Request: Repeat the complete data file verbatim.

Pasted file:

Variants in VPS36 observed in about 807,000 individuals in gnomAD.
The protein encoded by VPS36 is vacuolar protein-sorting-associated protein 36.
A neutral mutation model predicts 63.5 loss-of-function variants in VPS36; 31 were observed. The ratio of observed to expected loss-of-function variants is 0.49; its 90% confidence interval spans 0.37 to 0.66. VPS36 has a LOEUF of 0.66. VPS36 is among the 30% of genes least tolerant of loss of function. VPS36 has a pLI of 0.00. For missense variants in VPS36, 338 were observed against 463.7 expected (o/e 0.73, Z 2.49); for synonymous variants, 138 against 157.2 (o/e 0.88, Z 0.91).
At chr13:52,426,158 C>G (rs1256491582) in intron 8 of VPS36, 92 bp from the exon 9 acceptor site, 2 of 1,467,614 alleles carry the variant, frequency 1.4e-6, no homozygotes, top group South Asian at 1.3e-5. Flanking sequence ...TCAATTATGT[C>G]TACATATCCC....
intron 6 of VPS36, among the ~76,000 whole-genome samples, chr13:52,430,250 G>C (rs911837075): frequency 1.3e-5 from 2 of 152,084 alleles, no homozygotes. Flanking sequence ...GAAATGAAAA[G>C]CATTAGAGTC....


Variants in VPS36 observed in about 807,000 individuals in gnomAD.
The protein encoded by VPS36 is vacuolar protein-sorting-associated protein 36.
A neutral mutation model predicts 63.5 loss-of-function variants in VPS36; 31 were observed. The ratio of observed to expected loss-of-function variants is 0.49; its 90% confidence interval spans 0.37 to 0.66. VPS36 has a LOEUF of 0.66. VPS36 is among the 30% of genes least tolerant of loss of function. VPS36 has a pLI of 0.00. For missense variants in VPS36, 338 were observed against 463.7 expected (o/e 0.73, Z 2.49); for synonymous variants, 138 against 157.2 (o/e 0.88, Z 0.91).
At chr13:52,426,158 C>G (rs1256491582) in intron 8 of VPS36, 92 bp from the exon 9 acceptor site, 2 of 1,467,614 alleles carry the variant, frequency 1.4e-6, no homozygotes, top group South Asian at 1.3e-5. Flanking sequence ...TCAATTATGT[C>G]TACATATCCC....
intron 6 of VPS36, among the ~76,000 whole-genome samples, chr13:52,430,250 G>C (rs911837075): frequency 1.3e-5 from 2 of 152,084 alleles, no homozygotes. Flanking sequence ...GAAATGAAAA[G>C]CATTAGAGTC....